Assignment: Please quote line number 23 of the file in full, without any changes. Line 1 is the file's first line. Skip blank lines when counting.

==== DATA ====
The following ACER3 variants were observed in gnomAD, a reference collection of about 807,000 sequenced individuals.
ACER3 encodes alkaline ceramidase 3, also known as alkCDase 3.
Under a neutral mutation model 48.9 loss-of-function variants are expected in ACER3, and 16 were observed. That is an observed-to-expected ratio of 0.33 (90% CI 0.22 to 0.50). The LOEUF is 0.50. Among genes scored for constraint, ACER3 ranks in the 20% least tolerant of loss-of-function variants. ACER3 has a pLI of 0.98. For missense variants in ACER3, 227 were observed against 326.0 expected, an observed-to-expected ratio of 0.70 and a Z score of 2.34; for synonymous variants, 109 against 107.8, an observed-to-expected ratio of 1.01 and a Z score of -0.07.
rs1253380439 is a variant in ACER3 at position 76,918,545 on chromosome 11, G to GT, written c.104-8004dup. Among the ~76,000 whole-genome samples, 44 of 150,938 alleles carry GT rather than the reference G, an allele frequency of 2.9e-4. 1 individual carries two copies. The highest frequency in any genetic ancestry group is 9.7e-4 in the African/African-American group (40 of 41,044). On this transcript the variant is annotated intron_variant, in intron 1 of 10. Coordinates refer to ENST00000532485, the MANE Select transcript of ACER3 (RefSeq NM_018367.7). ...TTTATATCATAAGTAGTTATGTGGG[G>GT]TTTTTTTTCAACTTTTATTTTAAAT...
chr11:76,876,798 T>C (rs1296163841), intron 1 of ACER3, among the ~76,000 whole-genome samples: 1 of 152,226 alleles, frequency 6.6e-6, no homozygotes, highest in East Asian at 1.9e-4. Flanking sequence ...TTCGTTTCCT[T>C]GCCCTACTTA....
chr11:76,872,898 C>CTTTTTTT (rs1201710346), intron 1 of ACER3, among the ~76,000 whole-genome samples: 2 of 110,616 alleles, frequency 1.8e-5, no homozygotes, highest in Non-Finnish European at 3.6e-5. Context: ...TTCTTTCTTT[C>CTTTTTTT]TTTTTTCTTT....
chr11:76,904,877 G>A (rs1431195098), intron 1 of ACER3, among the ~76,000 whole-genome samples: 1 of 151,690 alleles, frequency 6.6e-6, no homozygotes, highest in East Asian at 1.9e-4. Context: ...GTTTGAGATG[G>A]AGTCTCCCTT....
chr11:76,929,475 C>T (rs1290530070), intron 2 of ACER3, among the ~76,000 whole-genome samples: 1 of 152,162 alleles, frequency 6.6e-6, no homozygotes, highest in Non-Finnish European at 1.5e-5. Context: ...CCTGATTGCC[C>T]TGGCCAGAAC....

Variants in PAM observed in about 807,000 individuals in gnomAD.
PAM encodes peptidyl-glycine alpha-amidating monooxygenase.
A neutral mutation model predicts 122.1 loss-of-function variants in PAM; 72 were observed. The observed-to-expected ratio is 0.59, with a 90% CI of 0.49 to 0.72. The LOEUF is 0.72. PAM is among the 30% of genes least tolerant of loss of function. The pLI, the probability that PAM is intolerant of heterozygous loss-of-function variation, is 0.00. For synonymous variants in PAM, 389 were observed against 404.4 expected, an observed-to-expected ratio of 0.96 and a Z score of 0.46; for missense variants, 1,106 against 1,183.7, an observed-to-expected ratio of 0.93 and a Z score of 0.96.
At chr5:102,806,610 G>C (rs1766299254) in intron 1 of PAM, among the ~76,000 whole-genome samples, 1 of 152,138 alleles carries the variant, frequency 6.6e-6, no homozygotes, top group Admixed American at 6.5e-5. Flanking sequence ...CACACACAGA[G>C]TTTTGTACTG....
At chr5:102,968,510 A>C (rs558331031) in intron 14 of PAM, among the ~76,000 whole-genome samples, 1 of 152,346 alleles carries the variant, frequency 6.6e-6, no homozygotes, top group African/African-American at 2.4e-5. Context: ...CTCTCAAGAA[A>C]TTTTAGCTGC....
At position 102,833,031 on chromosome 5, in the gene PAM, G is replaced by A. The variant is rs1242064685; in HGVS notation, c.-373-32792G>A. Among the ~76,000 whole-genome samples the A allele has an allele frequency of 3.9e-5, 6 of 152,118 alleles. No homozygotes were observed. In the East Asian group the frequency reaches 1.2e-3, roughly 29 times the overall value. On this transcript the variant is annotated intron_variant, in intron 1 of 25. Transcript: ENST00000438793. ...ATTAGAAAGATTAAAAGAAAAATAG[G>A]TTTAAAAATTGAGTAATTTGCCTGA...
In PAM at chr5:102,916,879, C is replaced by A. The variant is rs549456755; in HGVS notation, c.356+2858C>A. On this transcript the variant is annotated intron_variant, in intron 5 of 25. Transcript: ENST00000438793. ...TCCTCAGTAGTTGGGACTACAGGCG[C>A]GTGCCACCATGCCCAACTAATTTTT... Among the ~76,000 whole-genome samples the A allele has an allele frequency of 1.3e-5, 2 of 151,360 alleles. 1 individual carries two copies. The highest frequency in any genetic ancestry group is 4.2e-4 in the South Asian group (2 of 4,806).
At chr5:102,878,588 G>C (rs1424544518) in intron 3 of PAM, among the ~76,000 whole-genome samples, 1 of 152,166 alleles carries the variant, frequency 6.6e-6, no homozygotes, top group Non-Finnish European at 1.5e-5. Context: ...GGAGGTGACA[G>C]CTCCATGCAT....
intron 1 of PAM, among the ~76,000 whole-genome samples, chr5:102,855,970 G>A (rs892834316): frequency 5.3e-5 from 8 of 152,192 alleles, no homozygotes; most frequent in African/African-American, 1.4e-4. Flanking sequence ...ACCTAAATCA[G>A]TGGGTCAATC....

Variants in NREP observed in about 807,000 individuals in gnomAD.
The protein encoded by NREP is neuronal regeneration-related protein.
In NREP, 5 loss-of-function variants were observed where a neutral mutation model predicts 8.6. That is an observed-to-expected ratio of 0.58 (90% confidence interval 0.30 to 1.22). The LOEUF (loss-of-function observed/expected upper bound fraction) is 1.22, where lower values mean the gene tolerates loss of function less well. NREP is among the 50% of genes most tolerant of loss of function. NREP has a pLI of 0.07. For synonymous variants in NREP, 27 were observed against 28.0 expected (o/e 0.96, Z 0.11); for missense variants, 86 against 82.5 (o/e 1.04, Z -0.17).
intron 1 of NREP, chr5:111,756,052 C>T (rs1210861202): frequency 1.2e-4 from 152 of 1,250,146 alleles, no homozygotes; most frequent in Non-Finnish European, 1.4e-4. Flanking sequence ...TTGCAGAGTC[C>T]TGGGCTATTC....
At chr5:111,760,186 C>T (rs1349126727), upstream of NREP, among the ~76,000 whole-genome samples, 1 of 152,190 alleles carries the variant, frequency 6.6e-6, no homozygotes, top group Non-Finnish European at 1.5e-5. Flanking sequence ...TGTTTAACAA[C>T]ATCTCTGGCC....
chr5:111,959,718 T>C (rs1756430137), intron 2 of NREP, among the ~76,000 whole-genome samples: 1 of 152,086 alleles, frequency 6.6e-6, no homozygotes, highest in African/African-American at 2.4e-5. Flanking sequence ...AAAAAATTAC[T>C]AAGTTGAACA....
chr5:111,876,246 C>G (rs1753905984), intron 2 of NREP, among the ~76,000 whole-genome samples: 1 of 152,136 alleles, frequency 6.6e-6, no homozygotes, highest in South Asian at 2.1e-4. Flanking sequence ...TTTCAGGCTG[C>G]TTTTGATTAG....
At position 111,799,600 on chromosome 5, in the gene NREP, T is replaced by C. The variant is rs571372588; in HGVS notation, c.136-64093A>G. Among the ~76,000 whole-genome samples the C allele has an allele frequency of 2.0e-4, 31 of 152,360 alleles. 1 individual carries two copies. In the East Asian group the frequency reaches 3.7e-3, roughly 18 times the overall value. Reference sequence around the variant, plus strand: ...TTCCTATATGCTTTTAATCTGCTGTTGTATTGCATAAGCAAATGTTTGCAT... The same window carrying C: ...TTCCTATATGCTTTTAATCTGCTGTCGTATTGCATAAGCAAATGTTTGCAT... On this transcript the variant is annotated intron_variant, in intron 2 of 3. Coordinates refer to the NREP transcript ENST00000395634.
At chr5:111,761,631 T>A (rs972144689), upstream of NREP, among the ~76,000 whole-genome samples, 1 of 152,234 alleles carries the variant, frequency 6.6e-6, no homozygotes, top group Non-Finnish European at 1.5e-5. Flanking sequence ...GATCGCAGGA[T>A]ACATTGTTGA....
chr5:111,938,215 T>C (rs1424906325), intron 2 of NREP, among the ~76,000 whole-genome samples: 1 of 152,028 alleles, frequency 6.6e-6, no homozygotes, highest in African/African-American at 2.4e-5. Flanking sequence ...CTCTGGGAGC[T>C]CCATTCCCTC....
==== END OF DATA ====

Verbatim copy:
chr5:111,959,718 T>C (rs1756430137), intron 2 of NREP, among the ~76,000 whole-genome samples: 1 of 152,086 alleles, frequency 6.6e-6, no homozygotes, highest in African/African-American at 2.4e-5. Flanking sequence ...AAAAAATTAC[T>C]AAGTTGAACA....